Miss A. spent 6 months at City of Joy sharing her story and ordeals. It was an opportunity for her to react to being raped after being silenced by that act and being rejected by the family and friends and anybody she knew before. She had no opportunity to speak. The therapy she got helped her to fully appreciate her body and understand her sexuality. That was probably the first step on her healing journey. And her relationship with the community of City of Joy was another ingredient of pure trust and a certain feeling of power.

What inspirational messages can we hear from Miss A. now?

cojupdate-aug2016-2The biggest lesson to learn in the changing life of Miss A. is her determination, her vision and her pride in healing from her past trauma. She believes that “the most inspirational part of her story is not anchored in her past but in what she did with her past”. The amount of love and support from City of Joy has been amazing and has helped her come back to her body she denied and hated when it was destroyed. She found the people she needed to help her heal. After the graduation, Miss A. decided to go back to school because she wanted to heal other people who suffer. She left her village and set to Goma where she joined the department of Midwifery Nursing. Every year she passed at the first session and on July 12th, 2016 City of Joy was honored to attend the defense of her final paper, which was dedicated to the City of Joy.

The third story is that of marriage. One 7th class graduate from Kamanyola got married on Thursday, August 11th, 2016. She is a lady who was living with the scars – inside and outside her body – due to the ill-treatment of her father, who married a second wife (who is younger than our graduate) after our graduate’s mother died. She could not report her problem to any person for fear to be beaten by her father and expelled from the family.   Whenever she was secretly telling her story to her uncles the latter thought she was lying and just expected her to carry on with her life. She had horrendous physical wounds; her eyes were all the time red because of weeping. When City of Joy recruited her, it was as though she was running from slavery. She was recruited with high trauma. The impact of her father’s conduct was immense.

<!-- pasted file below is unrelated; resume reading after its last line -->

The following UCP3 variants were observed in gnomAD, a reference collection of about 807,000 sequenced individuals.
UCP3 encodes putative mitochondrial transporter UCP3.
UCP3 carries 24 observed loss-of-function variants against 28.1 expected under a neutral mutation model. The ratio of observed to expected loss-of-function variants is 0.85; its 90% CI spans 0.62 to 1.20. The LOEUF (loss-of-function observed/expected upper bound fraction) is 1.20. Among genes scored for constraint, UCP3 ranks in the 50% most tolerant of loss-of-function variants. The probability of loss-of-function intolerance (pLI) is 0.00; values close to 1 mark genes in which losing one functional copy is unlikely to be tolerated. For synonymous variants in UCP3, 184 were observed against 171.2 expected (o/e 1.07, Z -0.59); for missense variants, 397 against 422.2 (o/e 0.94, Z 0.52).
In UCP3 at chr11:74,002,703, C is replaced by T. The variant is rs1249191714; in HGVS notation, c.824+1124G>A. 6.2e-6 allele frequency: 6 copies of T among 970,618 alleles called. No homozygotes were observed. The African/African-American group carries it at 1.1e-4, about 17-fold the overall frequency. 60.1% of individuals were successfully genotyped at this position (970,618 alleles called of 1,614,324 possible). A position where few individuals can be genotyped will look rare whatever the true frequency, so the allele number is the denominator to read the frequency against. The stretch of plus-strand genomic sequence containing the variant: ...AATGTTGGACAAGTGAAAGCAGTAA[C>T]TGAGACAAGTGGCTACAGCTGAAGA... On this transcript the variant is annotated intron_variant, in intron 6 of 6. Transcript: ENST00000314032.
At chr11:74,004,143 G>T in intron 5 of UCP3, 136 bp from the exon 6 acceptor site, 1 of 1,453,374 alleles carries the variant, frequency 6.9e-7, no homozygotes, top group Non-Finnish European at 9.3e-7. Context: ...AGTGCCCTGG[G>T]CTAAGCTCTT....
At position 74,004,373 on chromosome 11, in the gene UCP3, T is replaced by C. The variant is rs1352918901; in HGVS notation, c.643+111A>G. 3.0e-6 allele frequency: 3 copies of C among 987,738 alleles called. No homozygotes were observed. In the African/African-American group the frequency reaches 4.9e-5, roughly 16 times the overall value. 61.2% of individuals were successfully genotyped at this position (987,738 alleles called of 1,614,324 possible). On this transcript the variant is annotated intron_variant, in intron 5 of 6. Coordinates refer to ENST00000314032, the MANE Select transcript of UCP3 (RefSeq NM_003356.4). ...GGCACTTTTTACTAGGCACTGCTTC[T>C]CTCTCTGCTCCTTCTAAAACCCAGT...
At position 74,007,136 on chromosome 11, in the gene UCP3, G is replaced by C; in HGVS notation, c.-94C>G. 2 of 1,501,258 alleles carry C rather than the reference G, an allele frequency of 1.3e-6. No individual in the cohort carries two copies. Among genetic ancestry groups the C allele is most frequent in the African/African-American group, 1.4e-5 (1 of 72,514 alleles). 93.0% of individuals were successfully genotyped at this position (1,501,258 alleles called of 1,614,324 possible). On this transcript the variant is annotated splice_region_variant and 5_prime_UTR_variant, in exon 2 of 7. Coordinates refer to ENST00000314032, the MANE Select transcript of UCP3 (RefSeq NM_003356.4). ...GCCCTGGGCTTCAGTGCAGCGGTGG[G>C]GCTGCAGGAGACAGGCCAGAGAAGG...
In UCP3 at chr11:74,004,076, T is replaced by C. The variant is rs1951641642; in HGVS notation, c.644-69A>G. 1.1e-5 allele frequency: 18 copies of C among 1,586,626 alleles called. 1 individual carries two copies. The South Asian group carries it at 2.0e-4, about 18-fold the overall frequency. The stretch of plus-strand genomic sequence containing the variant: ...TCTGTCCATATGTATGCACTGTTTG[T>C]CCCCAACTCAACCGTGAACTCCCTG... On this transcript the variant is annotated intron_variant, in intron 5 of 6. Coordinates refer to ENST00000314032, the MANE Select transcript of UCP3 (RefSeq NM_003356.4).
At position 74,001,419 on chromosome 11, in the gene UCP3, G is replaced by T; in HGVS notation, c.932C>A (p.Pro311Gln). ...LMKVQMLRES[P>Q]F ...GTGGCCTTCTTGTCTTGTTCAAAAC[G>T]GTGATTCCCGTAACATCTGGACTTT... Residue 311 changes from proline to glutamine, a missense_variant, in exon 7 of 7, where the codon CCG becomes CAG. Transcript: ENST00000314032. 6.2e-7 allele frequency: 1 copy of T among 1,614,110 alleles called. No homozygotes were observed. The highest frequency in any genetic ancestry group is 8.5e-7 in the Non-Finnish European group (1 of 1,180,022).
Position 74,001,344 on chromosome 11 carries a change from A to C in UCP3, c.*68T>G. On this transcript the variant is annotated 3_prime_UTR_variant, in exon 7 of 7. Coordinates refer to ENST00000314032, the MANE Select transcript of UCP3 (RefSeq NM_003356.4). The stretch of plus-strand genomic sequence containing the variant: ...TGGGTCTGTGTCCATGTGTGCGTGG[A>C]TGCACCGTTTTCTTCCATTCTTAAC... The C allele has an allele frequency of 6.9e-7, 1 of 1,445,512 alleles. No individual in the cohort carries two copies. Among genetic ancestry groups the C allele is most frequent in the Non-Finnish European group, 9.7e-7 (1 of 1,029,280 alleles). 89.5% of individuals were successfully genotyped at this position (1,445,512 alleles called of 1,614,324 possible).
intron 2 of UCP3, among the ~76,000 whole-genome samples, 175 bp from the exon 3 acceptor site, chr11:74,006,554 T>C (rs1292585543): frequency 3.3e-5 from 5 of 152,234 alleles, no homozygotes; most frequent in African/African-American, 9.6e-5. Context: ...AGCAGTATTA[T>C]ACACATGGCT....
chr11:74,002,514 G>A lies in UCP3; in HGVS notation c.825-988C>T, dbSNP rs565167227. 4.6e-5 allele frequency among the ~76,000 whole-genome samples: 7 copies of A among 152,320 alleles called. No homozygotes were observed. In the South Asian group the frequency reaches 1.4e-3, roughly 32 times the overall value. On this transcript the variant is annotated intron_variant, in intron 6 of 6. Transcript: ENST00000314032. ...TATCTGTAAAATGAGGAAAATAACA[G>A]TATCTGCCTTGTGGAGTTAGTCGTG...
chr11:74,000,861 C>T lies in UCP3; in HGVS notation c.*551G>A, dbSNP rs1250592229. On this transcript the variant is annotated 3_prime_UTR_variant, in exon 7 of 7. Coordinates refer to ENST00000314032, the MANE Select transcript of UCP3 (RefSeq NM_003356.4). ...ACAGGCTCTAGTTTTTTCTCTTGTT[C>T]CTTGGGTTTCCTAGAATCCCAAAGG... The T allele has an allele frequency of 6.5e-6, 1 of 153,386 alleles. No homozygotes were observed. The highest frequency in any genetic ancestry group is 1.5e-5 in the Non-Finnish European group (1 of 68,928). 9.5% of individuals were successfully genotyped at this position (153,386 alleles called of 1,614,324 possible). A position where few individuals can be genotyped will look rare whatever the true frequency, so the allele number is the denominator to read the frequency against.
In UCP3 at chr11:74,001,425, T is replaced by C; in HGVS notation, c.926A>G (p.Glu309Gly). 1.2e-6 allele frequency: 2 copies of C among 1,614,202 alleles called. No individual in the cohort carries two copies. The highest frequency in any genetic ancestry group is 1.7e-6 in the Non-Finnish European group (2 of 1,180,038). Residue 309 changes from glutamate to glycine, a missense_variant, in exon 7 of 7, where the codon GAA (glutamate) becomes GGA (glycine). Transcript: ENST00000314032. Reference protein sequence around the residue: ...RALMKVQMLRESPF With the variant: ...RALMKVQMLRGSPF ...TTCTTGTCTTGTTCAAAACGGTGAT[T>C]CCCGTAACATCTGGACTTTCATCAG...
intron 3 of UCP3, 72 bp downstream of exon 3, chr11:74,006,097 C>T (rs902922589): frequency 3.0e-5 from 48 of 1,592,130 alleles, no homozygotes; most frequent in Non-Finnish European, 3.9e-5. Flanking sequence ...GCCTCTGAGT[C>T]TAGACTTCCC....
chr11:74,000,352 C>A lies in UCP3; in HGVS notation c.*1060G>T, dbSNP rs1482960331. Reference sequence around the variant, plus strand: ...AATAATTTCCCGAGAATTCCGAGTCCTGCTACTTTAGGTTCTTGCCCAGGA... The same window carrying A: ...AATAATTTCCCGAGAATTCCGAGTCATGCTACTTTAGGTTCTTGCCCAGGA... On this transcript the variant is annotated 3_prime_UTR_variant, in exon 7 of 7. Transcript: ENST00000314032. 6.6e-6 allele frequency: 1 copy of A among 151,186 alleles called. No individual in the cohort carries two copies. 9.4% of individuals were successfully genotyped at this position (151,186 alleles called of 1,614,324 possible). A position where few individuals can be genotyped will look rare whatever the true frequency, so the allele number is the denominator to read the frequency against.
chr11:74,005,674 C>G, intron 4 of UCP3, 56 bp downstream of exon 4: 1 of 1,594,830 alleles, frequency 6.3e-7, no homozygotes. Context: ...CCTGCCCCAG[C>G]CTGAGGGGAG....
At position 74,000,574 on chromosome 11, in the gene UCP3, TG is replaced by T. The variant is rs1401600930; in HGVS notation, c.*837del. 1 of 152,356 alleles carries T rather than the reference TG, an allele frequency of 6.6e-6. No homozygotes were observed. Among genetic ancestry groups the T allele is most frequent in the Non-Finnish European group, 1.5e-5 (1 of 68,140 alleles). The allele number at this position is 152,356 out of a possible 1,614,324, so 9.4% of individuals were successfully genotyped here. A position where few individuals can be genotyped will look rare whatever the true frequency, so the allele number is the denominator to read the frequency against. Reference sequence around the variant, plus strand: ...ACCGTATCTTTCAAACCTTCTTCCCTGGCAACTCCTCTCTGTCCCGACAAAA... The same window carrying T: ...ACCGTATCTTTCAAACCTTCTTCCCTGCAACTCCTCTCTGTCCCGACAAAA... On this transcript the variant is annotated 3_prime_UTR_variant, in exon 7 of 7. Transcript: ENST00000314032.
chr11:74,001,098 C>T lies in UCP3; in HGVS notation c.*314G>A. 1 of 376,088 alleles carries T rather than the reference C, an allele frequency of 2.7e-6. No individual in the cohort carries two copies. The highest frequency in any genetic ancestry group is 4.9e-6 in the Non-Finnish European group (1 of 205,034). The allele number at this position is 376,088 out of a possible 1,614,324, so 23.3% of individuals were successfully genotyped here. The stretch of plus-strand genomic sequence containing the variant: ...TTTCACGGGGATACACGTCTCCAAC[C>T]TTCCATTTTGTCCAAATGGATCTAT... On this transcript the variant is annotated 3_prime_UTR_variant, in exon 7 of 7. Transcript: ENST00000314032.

When her father simply realized that her daughter was absent in the family he thought she decided to go to one of the family members. City of Joy helped her to start dealing with the physical side of the trauma that had happened to her. Little by little she started to comprehend the vastness of the pain she endured. She started a journey of victory over trauma.

In six months, Miss B. learned to forgive her father. She promised to make a revolution in her community and in her family when she returned to her home. When she joined her family, her beauty, her power, her knowledge of children and women’s rights changed her father’s behavior. Her father who was ill-treating her started talking to her with dignity. Last time during the tour of our evaluator, we were proud to hear that the graduate and her father reconciled. We are proud that the father can now talk to his daughter and hear the latter’s point of view. When the graduate came to announce her marriage at City of Joy, she travelled to Bukavu with her father.

Regarding the graduate’s marriage, we are happy to witness the agreement the couple made. As the graduate learned the ins and outs of each matrimonial regime at City of Joy in the course of gender rights, she freely choose her partner and both made an agreement to choose a matrimonial regime that suit them.